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Tories ask rich voters to rate importance of Grenfell Tower fire

The Guardian logo The Guardian 14/11/2017 Chris Johnston
As well as questions on parking and rubbish collection, voters were asked to score ‘the tragedy of the Grenfell Tower and help for the families affected and the wider community’. © PA As well as questions on parking and rubbish collection, voters were asked to score ‘the tragedy of the Grenfell Tower and help for the families affected and the wider community’.

Voters in one of the richest parts of Kensington and Chelsea have been asked to rate the importance of the Grenfell Tower fire that killed at least 69 people in June.

The Kensington, Chelsea and Fulham Conservative Association sent a questionnaire to residents of the Courtfield ward, which is bordered by Cromwell and Fulham Roads and includes some of London’s most desirable squares.

Respondents were asked to rate on a scale of 0 to 10 how important a number of “local issues” were to “you and your family”. 

Video: Grenfell tower survivors to have rent and bills covered until summer 2019 (PA)

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As well as questions on parking and rubbish collection, voters were asked to score “the tragedy of the Grenfell Tower and help for the families affected and the wider community”.

David Lammy, the Labour MP for Tottenham, tweeted an image of the leaflet, which he branded “offensive and insensitive” and called for apologies to be made.

“There should be apologies and the individuals involved should certainly be considering their positions. I simply cannot understand how this was allowed to happen,” he tweeted.

Lammy added: “Grenfell inquiry has barely got under way and the same group of politicians who have been in charge of the RBKC [Royal Borough of Kensington and Chelsea] appear to be already brushing what happened under the carpet.”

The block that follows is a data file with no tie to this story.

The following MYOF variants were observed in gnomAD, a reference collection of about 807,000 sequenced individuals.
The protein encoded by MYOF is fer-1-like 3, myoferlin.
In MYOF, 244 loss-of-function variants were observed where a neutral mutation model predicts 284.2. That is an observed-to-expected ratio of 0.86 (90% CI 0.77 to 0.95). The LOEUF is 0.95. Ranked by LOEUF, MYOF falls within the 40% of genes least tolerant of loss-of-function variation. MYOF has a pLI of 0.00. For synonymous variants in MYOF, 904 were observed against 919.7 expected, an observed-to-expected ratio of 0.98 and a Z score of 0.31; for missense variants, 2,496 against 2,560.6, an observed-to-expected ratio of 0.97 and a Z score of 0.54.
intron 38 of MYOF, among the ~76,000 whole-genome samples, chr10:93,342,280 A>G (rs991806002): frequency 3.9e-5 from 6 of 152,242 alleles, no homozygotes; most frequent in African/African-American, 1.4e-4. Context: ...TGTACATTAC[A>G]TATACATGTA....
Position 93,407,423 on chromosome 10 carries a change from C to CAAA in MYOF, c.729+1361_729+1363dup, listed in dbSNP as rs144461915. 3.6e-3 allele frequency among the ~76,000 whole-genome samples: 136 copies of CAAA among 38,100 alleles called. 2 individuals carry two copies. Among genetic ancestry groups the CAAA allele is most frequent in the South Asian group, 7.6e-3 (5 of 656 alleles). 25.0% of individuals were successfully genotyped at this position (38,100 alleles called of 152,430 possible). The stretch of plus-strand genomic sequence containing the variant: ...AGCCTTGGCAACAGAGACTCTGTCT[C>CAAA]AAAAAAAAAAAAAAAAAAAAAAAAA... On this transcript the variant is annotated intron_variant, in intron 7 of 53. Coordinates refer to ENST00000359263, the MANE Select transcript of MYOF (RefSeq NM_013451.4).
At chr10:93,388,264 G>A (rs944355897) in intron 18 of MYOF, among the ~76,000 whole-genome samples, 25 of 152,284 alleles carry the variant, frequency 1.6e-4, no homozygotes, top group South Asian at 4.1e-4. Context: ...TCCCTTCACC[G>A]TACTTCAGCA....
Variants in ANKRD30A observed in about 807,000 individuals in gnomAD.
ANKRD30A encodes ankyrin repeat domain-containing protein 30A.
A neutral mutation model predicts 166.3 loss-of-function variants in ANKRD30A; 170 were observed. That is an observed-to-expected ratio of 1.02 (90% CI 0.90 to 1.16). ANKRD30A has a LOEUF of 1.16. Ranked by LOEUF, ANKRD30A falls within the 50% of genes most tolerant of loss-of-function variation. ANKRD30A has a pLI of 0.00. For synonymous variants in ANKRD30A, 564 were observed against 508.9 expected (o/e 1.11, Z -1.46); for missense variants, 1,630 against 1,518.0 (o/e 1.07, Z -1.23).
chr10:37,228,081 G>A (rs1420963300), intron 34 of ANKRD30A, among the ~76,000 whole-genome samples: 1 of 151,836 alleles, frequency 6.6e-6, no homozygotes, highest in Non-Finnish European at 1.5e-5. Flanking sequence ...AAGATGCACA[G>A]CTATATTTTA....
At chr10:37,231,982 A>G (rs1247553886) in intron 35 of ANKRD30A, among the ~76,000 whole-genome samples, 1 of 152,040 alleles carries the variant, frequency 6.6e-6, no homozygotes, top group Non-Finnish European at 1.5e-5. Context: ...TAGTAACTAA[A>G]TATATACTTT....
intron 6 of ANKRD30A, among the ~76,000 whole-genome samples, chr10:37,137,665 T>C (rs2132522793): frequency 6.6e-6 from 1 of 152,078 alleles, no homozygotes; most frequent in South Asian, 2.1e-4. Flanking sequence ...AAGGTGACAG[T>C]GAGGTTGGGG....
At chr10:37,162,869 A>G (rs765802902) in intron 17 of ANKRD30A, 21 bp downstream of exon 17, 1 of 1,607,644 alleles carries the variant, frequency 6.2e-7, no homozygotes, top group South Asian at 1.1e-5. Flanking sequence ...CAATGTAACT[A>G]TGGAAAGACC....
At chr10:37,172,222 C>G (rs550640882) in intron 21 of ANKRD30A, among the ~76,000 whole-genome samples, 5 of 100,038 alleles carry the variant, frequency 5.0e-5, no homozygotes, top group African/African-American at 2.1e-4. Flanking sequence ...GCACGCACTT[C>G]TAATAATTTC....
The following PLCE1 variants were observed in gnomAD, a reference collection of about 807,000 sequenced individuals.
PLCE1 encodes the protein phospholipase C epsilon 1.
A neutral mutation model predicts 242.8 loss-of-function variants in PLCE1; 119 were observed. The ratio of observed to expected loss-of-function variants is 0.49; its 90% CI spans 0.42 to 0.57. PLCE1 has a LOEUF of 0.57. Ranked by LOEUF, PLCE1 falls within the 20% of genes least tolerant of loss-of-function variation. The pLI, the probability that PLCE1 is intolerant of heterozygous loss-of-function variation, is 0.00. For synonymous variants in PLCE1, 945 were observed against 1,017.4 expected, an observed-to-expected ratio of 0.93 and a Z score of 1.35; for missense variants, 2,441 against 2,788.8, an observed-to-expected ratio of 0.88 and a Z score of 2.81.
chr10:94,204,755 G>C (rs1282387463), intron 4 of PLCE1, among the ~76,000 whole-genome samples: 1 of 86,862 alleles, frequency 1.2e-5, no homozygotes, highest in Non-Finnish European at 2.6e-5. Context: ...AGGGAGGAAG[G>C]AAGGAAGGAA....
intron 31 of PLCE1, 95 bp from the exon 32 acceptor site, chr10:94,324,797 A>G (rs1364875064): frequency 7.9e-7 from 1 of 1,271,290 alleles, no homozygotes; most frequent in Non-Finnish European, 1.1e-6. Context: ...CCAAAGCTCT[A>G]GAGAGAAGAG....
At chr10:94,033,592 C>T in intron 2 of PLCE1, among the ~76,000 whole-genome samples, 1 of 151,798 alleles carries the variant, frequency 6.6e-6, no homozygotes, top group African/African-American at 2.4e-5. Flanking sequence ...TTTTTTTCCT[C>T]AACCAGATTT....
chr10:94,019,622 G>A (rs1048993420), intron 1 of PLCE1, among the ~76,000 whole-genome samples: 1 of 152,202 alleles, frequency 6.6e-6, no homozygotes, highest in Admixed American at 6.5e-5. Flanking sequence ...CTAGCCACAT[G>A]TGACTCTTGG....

The Conservative-led council came under intense criticism for its response to the tragedy, prompting the resignation of its leader, Nicholas Paget-Brown.

An official inquiry into the factors leading to the tragedy has begun and Scotland Yard is still determining exactly how many people died in the fire.

Kensington, Chelsea and Fulham Conservatives sent out the questionnaire just days before the five-month anniversary of the tragedy. 

It also included questions about how residents rated the importance of “keeping council tax low”, and what they thought of local schools and recycling.

The survey had also been posted on the association’s website but was no longer available.

The Conservative association and Conservative party headquarters did not respond to requests for comment.

Kensington and Chelsea council said on Twitter that the questionnaire was “not from or sent by the council”.

The Courtfield ward, in the wealthier southern part of the area covered by the west London council, is represented by three Tory councillors: Anthony Coates, Quentin Marshall and Elizabeth Rutherford.

The Notting Dale ward, in the northern part of the borough, where the Grenfell Tower is located, is represented by three Labour councillors: Robert Atkinson, Judith Blakeman and Beinazir Lasharie.

A damning report on inequality in Kensington and Chelsea published on Monday highlighted the close proximity of extreme wealth and poverty in the area around Grenfell Tower.

The Guardian reported last week that at least 178 children who lost their homes because of the fire were still living in hotels in London.

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